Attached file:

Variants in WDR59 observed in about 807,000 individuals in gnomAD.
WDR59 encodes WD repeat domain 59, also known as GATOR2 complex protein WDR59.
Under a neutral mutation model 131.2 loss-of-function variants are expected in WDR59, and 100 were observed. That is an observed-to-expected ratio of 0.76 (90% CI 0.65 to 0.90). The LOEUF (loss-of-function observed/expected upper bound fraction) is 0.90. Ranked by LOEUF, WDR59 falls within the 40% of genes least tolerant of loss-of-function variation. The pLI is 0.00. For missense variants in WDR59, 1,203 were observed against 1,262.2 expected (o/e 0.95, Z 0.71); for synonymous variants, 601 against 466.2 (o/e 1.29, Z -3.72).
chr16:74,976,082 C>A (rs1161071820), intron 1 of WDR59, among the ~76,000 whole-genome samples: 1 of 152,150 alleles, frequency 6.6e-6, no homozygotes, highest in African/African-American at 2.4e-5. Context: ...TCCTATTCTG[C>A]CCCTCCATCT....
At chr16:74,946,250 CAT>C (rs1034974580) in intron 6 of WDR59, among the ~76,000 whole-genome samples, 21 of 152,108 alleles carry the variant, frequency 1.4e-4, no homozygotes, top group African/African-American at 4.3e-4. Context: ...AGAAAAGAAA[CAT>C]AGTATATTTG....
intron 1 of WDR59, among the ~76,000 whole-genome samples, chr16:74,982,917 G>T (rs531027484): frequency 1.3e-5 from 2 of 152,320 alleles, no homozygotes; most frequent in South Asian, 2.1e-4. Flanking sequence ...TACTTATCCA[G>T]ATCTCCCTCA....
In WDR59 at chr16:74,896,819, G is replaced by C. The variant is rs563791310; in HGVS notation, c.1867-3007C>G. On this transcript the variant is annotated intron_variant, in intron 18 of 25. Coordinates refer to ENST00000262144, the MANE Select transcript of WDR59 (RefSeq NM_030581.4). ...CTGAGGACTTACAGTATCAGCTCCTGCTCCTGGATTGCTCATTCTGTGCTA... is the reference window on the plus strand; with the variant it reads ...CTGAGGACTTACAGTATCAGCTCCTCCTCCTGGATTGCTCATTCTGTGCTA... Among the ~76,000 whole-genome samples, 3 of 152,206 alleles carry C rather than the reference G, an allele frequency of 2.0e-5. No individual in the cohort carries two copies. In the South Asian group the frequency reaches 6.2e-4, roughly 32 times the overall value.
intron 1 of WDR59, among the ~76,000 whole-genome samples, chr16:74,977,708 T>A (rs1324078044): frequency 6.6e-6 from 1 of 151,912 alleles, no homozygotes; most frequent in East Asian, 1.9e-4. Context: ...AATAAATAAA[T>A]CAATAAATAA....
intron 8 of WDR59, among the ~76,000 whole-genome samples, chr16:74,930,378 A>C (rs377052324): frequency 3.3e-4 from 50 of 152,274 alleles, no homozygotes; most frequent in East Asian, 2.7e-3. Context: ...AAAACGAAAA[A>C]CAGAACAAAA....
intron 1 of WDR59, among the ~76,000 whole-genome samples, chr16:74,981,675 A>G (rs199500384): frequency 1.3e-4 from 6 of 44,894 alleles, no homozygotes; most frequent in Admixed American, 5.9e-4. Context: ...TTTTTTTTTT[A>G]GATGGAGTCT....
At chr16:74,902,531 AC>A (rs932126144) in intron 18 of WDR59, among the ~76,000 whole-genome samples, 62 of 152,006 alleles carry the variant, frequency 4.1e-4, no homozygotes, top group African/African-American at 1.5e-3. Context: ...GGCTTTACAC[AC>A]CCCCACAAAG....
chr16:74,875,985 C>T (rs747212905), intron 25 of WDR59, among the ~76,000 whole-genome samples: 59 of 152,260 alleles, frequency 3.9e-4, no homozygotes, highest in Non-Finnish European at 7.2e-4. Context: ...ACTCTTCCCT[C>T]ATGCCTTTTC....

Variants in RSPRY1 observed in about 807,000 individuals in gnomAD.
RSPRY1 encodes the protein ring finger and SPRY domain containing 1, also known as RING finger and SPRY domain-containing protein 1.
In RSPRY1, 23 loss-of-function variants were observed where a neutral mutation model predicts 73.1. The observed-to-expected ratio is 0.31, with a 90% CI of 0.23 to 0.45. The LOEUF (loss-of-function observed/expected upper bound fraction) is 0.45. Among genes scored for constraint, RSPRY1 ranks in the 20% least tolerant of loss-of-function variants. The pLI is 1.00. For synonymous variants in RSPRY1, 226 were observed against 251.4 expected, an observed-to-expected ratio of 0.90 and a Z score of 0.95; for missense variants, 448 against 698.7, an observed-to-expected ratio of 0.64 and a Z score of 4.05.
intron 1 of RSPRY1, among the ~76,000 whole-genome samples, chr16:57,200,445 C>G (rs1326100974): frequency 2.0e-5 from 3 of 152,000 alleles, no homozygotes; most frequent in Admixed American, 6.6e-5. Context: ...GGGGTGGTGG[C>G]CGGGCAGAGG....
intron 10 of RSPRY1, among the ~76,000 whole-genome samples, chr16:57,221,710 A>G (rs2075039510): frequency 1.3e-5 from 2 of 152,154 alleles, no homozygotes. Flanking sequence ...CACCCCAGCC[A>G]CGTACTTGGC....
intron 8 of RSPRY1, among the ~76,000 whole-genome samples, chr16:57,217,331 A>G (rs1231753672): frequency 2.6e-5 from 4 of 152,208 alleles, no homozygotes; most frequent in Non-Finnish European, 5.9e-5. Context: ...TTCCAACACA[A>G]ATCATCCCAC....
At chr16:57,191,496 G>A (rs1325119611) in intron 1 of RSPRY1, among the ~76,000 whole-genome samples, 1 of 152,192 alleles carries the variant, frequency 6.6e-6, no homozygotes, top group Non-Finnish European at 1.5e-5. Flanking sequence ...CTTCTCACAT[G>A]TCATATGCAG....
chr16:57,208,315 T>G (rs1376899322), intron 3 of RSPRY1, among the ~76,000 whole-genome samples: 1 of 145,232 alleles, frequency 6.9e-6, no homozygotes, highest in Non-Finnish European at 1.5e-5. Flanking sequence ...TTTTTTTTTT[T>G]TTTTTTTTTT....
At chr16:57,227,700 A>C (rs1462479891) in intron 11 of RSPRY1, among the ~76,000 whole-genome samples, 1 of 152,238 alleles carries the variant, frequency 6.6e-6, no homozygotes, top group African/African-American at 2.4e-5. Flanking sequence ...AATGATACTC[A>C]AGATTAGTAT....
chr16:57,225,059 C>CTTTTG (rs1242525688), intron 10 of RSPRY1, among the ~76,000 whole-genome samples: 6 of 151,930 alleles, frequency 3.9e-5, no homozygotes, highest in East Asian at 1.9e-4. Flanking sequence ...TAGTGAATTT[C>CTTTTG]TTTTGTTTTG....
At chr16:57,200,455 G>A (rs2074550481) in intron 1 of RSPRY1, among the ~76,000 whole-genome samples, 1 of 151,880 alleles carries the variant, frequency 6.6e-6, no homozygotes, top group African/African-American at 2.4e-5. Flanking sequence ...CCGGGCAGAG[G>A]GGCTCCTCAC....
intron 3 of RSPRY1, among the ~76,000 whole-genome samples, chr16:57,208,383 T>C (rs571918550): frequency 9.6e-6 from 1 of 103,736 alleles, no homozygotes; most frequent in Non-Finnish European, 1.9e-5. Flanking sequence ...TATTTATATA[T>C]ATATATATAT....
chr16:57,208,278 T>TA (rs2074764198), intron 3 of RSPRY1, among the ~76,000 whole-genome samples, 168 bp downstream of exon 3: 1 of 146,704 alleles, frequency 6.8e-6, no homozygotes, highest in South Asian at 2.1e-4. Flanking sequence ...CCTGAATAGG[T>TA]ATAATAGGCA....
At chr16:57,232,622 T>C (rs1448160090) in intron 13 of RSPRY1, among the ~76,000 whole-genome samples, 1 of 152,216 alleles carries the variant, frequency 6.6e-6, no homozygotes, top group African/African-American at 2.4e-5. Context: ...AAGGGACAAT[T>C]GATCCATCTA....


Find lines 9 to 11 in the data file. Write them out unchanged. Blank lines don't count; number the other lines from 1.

intron 8 of WDR59, among the ~76,000 whole-genome samples, chr16:74,930,378 A>C (rs377052324): frequency 3.3e-4 from 50 of 152,274 alleles, no homozygotes; most frequent in East Asian, 2.7e-3. Context: ...AAAACGAAAA[A>C]CAGAACAAAA....
intron 1 of WDR59, among the ~76,000 whole-genome samples, chr16:74,981,675 A>G (rs199500384): frequency 1.3e-4 from 6 of 44,894 alleles, no homozygotes; most frequent in Admixed American, 5.9e-4. Context: ...TTTTTTTTTT[A>G]GATGGAGTCT....
At chr16:74,902,531 AC>A (rs932126144) in intron 18 of WDR59, among the ~76,000 whole-genome samples, 62 of 152,006 alleles carry the variant, frequency 4.1e-4, no homozygotes, top group African/African-American at 1.5e-3. Context: ...GGCTTTACAC[AC>A]CCCCACAAAG....